The European Latvian Association (ELA), the umbrella organisation for Latvian organisations in Europe outside of Latvia, held its annual general meeting in Brussels on Sept. 20, and closed its proceedings by holding a discussion on the future of Latvian diaspora organisations in Europe.
The discussion, organised by the Belgian Latvian Association, took place on the premises of the Latvian Permanent Representation to the European Union, and brought together eight speakers and around 20 other participants.
There was a general perception that Latvian diaspora organisations, as they currently stand and have existed throughout the postwar period, are faced with a number of new challenges which require a review of their mission and their relationships both with the members of the communities they claim to represent (whether these be descendants of postwar refugees or people who have emigrated from Latvia over the last few years) and with institutions in Latvia. Globalisation and Latvia’s accession to the European Union has led to unprecedented labour-force mobility throughout much of Europe. The diaspora in Europe is rapidly changing, and its organisations sense a need to change with it.
Bricks-and-mortar or virtual playgrounds?
Some participants in the discussion questioned whether formal associations were at all relevant to today’s circumstances, in an age where Latvians can form social networks on Facebook or draugiem.lv and mingle virtually and, especially in the European context, jump on a plane and gorge themselves on Latvianness in Latvia to their hearts’ content in a matter of hours.
Ivars Ījabs, lecturer in political science at the University of Latvia, mentioned that there is a general worldwide trend away from organisational membership, as noted by Robert D. Putnam in his book Bowling Alone: The Collapse and Revival of American Community (2000). Public relations specialist Žaneta Vegnere concurred with this assessment and highlighted the usefulness and increasing importance of informal networks, of groups of citizens as “ideas generators” and “political lobbyists,” linked by communications technologies and able to mobilize rapidly for specific purposes. One has only to remember the success of the campaign to get Rīga featured in the Monopoly World Edition board game to confirm this. No need for membership dues or convening meetings in a Latvian House! Indulis Bērziņš, editor of the Web site latviesi.com and representative of the Daugavas Vanagi Organisation in Germany, also questioned the need for national-level organisations, but did highlight the need for more regional bodies.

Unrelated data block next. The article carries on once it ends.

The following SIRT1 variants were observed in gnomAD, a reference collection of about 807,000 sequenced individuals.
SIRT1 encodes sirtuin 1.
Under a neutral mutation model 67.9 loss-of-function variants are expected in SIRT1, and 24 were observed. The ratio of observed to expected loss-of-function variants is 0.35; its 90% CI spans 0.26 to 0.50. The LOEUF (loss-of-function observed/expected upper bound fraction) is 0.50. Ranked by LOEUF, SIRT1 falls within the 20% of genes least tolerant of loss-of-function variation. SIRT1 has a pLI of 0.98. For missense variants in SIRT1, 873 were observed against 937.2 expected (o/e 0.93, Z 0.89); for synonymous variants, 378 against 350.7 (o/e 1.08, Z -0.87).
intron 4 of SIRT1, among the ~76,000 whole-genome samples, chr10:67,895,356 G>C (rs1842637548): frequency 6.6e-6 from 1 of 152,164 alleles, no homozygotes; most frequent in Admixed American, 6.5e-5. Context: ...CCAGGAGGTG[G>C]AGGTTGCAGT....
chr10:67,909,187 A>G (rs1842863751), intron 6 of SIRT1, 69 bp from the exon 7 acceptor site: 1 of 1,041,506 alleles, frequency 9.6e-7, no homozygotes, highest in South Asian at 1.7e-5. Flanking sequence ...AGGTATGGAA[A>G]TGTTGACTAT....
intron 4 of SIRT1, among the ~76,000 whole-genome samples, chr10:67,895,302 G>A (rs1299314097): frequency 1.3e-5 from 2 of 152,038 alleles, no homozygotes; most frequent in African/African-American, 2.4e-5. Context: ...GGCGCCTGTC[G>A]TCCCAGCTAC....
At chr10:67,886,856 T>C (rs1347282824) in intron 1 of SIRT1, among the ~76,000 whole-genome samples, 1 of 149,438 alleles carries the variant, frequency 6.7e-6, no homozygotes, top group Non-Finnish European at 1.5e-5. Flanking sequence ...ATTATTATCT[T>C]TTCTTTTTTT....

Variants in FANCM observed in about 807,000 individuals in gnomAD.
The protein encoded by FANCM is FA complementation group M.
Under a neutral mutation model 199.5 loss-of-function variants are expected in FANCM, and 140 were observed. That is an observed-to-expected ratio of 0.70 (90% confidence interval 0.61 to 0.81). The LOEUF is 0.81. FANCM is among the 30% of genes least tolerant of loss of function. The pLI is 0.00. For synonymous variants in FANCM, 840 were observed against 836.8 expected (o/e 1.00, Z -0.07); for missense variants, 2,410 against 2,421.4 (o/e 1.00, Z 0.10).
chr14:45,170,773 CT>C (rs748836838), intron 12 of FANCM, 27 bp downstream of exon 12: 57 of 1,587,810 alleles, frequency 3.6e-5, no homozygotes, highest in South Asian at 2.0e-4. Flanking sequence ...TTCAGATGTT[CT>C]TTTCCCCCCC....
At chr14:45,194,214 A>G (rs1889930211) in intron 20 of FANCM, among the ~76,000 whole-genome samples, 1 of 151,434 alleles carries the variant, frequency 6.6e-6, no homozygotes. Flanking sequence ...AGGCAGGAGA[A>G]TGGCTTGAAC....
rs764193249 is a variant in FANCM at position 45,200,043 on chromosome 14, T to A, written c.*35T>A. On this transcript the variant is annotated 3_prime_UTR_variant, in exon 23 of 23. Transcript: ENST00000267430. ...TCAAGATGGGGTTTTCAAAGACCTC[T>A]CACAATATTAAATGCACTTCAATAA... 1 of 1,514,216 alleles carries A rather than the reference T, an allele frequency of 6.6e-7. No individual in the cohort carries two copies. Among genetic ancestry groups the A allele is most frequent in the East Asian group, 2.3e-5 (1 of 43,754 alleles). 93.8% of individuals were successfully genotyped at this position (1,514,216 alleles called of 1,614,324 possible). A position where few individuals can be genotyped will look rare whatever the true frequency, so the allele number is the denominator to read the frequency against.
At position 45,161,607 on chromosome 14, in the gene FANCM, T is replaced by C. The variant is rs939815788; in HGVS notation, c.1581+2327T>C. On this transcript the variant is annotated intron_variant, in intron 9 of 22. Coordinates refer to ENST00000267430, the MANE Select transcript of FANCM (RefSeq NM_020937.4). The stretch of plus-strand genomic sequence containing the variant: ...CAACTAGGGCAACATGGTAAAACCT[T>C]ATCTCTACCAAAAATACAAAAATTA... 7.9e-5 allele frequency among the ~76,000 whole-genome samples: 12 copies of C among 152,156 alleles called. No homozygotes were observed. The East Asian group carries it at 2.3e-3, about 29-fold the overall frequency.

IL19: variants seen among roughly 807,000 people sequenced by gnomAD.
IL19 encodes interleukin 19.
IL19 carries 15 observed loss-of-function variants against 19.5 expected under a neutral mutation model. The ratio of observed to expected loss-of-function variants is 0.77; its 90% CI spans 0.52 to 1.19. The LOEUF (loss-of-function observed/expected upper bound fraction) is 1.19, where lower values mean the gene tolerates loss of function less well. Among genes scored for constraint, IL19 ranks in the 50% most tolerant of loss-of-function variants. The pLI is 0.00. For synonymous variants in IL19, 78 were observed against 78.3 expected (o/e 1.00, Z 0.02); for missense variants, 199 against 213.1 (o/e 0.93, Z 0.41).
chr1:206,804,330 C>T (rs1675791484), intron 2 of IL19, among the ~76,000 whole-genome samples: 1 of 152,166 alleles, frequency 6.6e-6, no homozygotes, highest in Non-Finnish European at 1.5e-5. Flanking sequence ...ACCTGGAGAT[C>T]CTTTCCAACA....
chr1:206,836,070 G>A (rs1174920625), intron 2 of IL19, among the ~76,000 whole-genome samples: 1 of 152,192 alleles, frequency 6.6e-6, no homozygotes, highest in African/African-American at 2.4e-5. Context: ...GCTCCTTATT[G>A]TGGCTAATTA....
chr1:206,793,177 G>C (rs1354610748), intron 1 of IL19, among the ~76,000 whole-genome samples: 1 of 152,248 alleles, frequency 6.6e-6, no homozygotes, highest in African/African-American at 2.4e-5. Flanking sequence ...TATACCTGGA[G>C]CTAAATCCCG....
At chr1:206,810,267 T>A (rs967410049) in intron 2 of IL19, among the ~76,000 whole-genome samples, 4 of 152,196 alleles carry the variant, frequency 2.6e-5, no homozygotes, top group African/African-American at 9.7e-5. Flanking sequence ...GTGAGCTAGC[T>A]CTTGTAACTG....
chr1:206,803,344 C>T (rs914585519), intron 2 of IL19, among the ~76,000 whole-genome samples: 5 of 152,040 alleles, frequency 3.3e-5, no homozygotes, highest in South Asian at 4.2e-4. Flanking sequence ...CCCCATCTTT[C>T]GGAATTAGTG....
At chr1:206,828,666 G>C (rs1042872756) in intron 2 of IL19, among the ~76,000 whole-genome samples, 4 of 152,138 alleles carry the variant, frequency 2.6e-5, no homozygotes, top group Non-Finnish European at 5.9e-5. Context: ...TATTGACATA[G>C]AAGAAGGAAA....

ELA Chairperson Dace Luters-Thuemmel, meanwhile, stressed that the established structures could still be transformed and develop. Latvia’s Special Ambassador to the Diaspora Juris Audariņš also did not dismiss them lightly, highlighting the benefits of formal organisations as representative bodies and a readily identifiable cooperation partners for Latvia.
New communities, new needs
It seems, however, that established organisations are failing to capitalise on the opportunities for expanding their membership that the recent wave of migration from Latvia present. Ījabs suggested that the underlying problem might be a legacy of totalitarian rule: clubs and associations in Latvia in Soviet times could only exist with the consent of the ruling Communist Party, and membership in them was often a requirement for a reasonable career. The lack of interest shown by recent emigrants in Latvian diaspora organisations, Ījabs contended, could be due to an ingrained mistrust of such institutions per se, rather than to any stereotypical “Latvian individualism” or preference for isolation over communal living. The Soviet legacy may go some way to explaining why an inhabitant of Latvia is likely to be a member of only 0.9 associations on average, whereas the corresponding values for Europeans as a whole and for Americans are 2 and 3.4, respectively.
Perhaps class is also an issue? Most post-war refugees and their descendants have established themselves within the middle class, whereas the majority of new migrants could be classified as working class. Or perhaps the issue is rather one of supply and demand, with the older organisations perceived as too set in their ways, providing premises in which to perpetuate rituals of national belonging for ageing societies, but not offering an outlet for the dynamism of younger generations? Too much in the way of bricks-and-mortar and well-invested inheritances, going through the motions of conducting tired, worn-out rituals, when in fact people actually “want to party,” as Bērziņš suggested?
At any rate, a lack of understanding and communication, if not a wary hostility between the old and new diasporas was apparent. Mārtiņš Sausiņš, chairman of the World Federation of Free Latvians (Pasaules brīvo latviešu apvienība, or PBLA), acknowledged the difficulties, putting forward the view that recent emigrants did not take enough time to get to know the older diaspora well enough and make use of all the opportunities that the older organisations make readily available. “Why don’t you come to us?” Sausiņš rhetorically asked the newer migrants. But there seemed to be no clear strategy for outreach to the new constituencies.
Nevertheless outreach does seem to be occurring within some postwar diaspora communities. In the United Kingdom, activities are being organised for the descendants of postwar migrants who do not speak Latvian and for people from other nationalities with an interest in Latvian culture. And it would seem that the Latvian government is in favour of the net being cast yet wider, by harnessing the energy and knowledge of persons of Latvian ancestry to promote Latvia abroad in a similar way to the Globalscot Programme that brings together the expertise of all sorts of specialists of Scottish ancestry to provide strategic advice to Scottish industry. A few audience members did wonder aloud why the Latvian government was not doing more to forge such links.